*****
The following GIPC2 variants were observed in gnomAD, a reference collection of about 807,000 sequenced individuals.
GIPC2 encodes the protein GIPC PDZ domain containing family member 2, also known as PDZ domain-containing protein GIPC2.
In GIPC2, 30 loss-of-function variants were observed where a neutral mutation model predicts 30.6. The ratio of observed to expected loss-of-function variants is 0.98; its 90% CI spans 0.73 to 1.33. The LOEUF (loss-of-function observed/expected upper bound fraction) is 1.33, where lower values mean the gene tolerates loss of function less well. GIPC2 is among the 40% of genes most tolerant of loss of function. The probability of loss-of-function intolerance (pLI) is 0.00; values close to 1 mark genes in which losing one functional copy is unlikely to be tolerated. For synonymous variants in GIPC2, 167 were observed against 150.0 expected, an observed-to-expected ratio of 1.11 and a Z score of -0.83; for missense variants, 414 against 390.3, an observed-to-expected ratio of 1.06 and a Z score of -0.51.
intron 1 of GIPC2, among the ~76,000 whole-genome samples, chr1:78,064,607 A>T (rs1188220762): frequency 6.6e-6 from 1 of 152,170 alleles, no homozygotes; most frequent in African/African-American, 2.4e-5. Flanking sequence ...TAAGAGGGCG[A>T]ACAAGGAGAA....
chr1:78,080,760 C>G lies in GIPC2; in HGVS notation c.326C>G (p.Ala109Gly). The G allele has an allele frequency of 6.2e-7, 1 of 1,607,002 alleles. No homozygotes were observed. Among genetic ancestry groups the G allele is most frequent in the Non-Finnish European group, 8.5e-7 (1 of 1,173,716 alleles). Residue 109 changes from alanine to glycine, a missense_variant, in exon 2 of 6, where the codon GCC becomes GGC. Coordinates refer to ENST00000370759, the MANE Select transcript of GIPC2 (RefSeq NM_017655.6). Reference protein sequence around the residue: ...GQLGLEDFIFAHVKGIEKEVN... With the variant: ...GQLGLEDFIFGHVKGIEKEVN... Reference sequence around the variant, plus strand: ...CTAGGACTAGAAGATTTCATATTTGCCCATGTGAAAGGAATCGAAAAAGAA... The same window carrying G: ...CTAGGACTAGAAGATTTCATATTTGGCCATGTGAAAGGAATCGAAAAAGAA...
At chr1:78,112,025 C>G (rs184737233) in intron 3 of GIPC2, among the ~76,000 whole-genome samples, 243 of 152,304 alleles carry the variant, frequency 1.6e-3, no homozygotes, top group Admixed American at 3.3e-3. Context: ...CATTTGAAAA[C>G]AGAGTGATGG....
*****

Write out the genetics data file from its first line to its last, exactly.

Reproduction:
The following GIPC2 variants were observed in gnomAD, a reference collection of about 807,000 sequenced individuals.
GIPC2 encodes the protein GIPC PDZ domain containing family member 2, also known as PDZ domain-containing protein GIPC2.
In GIPC2, 30 loss-of-function variants were observed where a neutral mutation model predicts 30.6. The ratio of observed to expected loss-of-function variants is 0.98; its 90% CI spans 0.73 to 1.33. The LOEUF (loss-of-function observed/expected upper bound fraction) is 1.33, where lower values mean the gene tolerates loss of function less well. GIPC2 is among the 40% of genes most tolerant of loss of function. The probability of loss-of-function intolerance (pLI) is 0.00; values close to 1 mark genes in which losing one functional copy is unlikely to be tolerated. For synonymous variants in GIPC2, 167 were observed against 150.0 expected, an observed-to-expected ratio of 1.11 and a Z score of -0.83; for missense variants, 414 against 390.3, an observed-to-expected ratio of 1.06 and a Z score of -0.51.
intron 1 of GIPC2, among the ~76,000 whole-genome samples, chr1:78,064,607 A>T (rs1188220762): frequency 6.6e-6 from 1 of 152,170 alleles, no homozygotes; most frequent in African/African-American, 2.4e-5. Flanking sequence ...TAAGAGGGCG[A>T]ACAAGGAGAA....
chr1:78,080,760 C>G lies in GIPC2; in HGVS notation c.326C>G (p.Ala109Gly). The G allele has an allele frequency of 6.2e-7, 1 of 1,607,002 alleles. No homozygotes were observed. Among genetic ancestry groups the G allele is most frequent in the Non-Finnish European group, 8.5e-7 (1 of 1,173,716 alleles). Residue 109 changes from alanine to glycine, a missense_variant, in exon 2 of 6, where the codon GCC becomes GGC. Coordinates refer to ENST00000370759, the MANE Select transcript of GIPC2 (RefSeq NM_017655.6). Reference protein sequence around the residue: ...GQLGLEDFIFAHVKGIEKEVN... With the variant: ...GQLGLEDFIFGHVKGIEKEVN... Reference sequence around the variant, plus strand: ...CTAGGACTAGAAGATTTCATATTTGCCCATGTGAAAGGAATCGAAAAAGAA... The same window carrying G: ...CTAGGACTAGAAGATTTCATATTTGGCCATGTGAAAGGAATCGAAAAAGAA...
At chr1:78,112,025 C>G (rs184737233) in intron 3 of GIPC2, among the ~76,000 whole-genome samples, 243 of 152,304 alleles carry the variant, frequency 1.6e-3, no homozygotes, top group Admixed American at 3.3e-3. Context: ...CATTTGAAAA[C>G]AGAGTGATGG....